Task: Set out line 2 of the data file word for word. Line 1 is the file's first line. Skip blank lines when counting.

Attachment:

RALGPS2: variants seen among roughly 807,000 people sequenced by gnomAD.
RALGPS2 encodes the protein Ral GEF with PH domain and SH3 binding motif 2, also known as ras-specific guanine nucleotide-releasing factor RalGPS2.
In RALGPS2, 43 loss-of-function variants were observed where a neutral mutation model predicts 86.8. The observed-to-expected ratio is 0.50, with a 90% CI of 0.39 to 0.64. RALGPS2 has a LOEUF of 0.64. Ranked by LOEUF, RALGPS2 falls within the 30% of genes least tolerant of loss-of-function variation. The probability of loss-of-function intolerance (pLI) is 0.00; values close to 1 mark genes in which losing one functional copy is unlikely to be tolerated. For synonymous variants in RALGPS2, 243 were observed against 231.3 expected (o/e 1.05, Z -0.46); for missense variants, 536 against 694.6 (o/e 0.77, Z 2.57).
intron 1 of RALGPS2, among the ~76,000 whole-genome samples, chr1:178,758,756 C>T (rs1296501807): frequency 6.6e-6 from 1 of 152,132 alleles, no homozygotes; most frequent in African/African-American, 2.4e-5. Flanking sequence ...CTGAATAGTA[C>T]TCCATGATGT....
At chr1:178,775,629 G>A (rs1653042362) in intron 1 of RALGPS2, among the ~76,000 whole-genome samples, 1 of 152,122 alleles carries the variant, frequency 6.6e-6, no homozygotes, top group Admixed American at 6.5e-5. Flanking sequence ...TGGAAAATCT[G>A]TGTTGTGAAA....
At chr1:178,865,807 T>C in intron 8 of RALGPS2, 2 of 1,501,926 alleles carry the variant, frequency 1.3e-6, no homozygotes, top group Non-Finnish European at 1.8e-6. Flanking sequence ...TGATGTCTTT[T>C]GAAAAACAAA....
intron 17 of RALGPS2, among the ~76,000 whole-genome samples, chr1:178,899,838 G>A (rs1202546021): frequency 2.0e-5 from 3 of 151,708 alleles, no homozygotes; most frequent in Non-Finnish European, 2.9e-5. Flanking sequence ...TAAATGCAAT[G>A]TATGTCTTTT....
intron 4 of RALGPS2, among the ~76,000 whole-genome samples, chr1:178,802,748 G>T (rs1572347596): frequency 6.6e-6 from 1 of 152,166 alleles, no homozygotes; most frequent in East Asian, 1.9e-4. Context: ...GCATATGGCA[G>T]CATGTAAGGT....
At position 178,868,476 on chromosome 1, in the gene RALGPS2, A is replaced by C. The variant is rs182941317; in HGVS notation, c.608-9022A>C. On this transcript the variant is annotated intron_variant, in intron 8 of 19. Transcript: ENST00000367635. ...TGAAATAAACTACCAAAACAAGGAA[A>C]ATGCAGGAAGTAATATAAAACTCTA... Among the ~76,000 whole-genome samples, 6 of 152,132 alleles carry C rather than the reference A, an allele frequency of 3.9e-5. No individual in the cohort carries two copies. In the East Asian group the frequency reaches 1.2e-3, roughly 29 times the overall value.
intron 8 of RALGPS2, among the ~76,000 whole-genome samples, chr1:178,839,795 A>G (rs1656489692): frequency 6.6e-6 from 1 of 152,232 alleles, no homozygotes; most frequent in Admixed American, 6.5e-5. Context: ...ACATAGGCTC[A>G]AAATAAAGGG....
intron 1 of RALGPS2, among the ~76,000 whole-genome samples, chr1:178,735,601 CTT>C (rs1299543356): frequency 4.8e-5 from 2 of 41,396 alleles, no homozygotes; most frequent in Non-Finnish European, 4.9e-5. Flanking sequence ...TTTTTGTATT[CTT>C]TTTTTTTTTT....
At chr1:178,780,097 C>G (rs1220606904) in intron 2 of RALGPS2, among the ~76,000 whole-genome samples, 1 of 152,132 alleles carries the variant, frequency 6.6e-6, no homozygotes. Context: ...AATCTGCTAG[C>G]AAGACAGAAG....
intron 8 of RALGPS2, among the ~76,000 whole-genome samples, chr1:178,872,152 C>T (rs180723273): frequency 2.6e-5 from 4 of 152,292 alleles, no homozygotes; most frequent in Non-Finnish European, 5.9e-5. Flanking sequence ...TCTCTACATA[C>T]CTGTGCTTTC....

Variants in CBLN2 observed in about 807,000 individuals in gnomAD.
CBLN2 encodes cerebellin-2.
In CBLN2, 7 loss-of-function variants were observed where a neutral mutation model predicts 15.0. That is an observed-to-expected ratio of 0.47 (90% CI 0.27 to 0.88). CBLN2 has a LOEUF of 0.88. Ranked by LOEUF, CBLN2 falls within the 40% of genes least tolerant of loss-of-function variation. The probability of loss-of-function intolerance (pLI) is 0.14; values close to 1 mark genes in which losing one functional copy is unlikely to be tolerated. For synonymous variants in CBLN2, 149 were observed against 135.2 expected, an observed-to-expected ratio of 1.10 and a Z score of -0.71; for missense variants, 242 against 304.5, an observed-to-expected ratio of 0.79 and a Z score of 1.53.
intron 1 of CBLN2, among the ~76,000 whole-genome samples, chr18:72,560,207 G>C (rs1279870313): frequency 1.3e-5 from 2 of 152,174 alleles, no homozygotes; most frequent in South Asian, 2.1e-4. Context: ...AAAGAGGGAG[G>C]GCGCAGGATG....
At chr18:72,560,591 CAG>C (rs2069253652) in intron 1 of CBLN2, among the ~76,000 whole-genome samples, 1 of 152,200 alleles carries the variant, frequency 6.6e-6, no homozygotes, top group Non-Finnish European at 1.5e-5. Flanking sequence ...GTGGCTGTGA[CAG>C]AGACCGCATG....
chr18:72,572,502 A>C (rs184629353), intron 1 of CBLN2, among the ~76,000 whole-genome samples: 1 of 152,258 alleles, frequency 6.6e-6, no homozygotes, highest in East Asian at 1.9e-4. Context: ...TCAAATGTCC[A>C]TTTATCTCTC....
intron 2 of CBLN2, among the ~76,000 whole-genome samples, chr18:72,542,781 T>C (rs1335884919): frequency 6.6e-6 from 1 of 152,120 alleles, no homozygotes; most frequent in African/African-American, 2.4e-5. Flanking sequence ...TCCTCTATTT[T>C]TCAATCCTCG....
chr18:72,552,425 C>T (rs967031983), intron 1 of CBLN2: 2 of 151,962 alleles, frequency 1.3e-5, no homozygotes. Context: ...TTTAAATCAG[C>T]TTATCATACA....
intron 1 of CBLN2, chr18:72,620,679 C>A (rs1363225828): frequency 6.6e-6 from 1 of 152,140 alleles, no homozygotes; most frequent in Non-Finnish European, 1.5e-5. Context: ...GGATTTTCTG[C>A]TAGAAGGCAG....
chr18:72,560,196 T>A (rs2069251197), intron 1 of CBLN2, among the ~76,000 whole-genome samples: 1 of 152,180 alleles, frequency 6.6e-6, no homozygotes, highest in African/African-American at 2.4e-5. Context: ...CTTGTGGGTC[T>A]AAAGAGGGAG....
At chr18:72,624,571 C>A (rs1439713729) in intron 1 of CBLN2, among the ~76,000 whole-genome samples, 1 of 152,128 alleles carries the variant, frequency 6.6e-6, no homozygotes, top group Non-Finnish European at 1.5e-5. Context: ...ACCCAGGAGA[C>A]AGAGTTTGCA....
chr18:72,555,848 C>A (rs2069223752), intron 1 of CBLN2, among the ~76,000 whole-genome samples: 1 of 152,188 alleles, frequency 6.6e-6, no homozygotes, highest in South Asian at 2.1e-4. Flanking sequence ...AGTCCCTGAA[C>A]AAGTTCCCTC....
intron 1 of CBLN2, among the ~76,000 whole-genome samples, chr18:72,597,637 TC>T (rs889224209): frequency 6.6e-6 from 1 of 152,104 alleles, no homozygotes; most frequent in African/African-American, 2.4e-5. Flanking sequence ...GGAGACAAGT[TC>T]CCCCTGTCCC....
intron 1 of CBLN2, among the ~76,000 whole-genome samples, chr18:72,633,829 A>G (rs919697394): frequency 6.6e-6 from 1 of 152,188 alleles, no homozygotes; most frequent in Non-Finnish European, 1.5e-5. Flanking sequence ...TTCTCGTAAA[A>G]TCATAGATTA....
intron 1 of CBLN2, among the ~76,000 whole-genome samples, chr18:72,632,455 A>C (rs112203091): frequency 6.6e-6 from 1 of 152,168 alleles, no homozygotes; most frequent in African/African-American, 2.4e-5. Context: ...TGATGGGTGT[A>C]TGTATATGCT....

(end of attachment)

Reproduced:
RALGPS2 encodes the protein Ral GEF with PH domain and SH3 binding motif 2, also known as ras-specific guanine nucleotide-releasing factor RalGPS2.